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Impact Of The New Consumer Protection Rules, 2021 On Direct-Selling

On Tuesday, the federal government announced new consumer protection guidelines for businesses, prohibiting direct-selling companies from promoting pyramid and money circulation schemes. The Centre stated under the new guidelines that companies must assure compliance with the standards within 90 days.

As part of the move, which attempts to protect consumers’ rights, direct-selling enterprises such as Tupperware, Amway, and Oriflame are prohibited from advertising money circulation plans as part of the move.

Such businesses will now be held liable for any complaints arising from their direct sellers’ sales of goods or services. The new legislation would require state governments to set up a system to monitor or oversee the activities of direct sellers and direct selling businesses.

According to the standards, direct selling firms and direct sellers are prohibited from promoting a pyramid scheme, enrolling anybody in such a scheme, or engaging in any arrangement in any manner with the intent of performing direct selling business. According to the new criteria, they are also barred from participating in money circulation schemes while claiming to be in the direct selling industry.

These laws will apply to all goods and services purchased or sold to Indian customers through direct selling, as well as to all direct selling models and businesses. They will also apply to direct-selling businesses that are not based in India but sell to Indian customers.

  1. According to the new laws, a direct salesperson should not visit a consumer’s home without an identity card and a prior appointment or authorization.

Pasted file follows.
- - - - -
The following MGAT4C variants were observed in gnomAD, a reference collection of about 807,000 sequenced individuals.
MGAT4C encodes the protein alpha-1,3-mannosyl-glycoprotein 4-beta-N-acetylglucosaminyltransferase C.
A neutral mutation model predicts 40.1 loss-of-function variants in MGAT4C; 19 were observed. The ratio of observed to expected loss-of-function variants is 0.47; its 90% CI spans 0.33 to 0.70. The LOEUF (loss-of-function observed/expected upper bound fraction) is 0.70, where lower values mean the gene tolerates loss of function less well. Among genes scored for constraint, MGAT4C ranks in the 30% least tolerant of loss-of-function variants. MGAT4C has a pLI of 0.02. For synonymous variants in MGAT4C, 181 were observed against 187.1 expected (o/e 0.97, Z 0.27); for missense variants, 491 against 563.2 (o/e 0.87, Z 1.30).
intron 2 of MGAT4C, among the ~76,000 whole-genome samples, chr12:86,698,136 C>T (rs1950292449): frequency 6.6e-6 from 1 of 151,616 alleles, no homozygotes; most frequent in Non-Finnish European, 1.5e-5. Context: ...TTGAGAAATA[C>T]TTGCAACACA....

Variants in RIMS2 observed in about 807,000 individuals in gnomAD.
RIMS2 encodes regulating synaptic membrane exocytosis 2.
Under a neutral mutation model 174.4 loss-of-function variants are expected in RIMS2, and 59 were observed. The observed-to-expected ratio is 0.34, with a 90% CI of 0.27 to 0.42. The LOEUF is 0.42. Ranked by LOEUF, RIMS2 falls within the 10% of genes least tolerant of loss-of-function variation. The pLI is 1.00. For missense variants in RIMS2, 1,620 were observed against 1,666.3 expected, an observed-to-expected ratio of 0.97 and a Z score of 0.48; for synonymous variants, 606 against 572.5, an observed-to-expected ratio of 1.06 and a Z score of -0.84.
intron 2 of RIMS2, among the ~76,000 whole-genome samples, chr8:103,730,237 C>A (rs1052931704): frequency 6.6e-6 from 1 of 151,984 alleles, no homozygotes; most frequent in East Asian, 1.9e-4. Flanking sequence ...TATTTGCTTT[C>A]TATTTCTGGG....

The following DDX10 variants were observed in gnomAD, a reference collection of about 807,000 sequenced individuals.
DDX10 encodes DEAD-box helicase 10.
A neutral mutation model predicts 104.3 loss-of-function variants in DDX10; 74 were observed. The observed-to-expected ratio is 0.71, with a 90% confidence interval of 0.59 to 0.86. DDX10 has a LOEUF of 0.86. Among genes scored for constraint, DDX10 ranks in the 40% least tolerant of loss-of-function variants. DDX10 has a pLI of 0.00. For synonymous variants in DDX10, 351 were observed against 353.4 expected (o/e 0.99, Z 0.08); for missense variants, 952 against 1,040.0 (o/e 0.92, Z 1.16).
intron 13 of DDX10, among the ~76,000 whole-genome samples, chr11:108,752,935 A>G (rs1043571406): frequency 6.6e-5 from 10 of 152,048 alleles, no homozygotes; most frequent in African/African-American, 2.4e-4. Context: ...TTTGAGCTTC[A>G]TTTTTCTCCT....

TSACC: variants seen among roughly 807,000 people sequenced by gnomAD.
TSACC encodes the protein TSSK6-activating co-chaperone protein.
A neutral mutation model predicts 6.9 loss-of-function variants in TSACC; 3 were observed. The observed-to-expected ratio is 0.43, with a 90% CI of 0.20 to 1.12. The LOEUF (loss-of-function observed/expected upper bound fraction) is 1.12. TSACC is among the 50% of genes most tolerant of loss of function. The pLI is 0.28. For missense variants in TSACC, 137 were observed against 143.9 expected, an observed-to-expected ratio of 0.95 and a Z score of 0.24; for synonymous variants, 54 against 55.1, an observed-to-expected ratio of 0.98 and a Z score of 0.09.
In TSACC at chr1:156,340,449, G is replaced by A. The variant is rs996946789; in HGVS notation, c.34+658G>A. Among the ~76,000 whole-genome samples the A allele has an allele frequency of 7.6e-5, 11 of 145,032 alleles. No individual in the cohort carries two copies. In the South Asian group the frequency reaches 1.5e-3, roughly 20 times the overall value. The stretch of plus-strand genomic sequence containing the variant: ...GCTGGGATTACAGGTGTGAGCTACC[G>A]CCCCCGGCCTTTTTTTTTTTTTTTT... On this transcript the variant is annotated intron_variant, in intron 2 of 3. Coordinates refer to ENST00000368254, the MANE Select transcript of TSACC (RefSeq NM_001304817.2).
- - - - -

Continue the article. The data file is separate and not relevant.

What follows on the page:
2. A seller should not give a prospect any literature that has not been approved by the direct selling company. A seller should not make any statements during a sale that are inconsistent with claims authorised by the direct selling organization.
  3. Furthermore, the direct seller must have a prior written contract with the direct selling company before selling or offering to sell any of the entity’s goods or services.
  4. Direct selling businesses should be formed under the Companies Act of 2013, or registered as a partnership under the Partnership Act of 1932, or under the Limited Liability Partnership Act of 2008 as a limited liability partnership.
  5. Such companies must have at least one physical location in India as their registered office and make a self-declaration stating that the direct selling business has followed the direct selling guidelines and is not involved in any pyramid or money circulation scheme.
  6. They should ensure that all their direct sellers have verified identities and physical addresses and that only such direct sellers receive identification cards and paperwork.
  7. Direct selling companies must implement essential precautions to ensure that their direct sellers’ goods and services conform with applicable laws as well as be “responsible for any complaints originating from their direct merchants’ sales of products or services.”
  8. The companies have been instructed to establish an acceptable grievance redressal mechanism and to post on their websites the current and updated names and contact information (including phone number, e-mail address, and designation) of such officers.
  9. Information about the company’s website should be prominently included on the product information sheet or pamphlet.
  10. Any consumer complaint should be acknowledged by a grievance redressal officer within 48 working hours of receipt, and the complaint should be resolved within one month of receipt. In the event of a delay of more than a month, the complainant should be informed in writing of the reasons for the delay as well as the steps taken in response to the complaint.
  11. Furthermore, direct-selling companies must select a nodal person who will be responsible for ensuring that the Act’s and rules’ provisions are followed. Such businesses should be able to receive complaints from customers. 
  12. They should keep track of all their direct sellers, providing evidence of identity, address, e-mail, and other contact information. Both direct selling companies and direct sellers must guarantee that the conditions of the offer provided to consumers are transparent under the new laws.

According to government sources, if these requirements are not followed, the Act’s punitive measures will apply.

By Pragati Sengar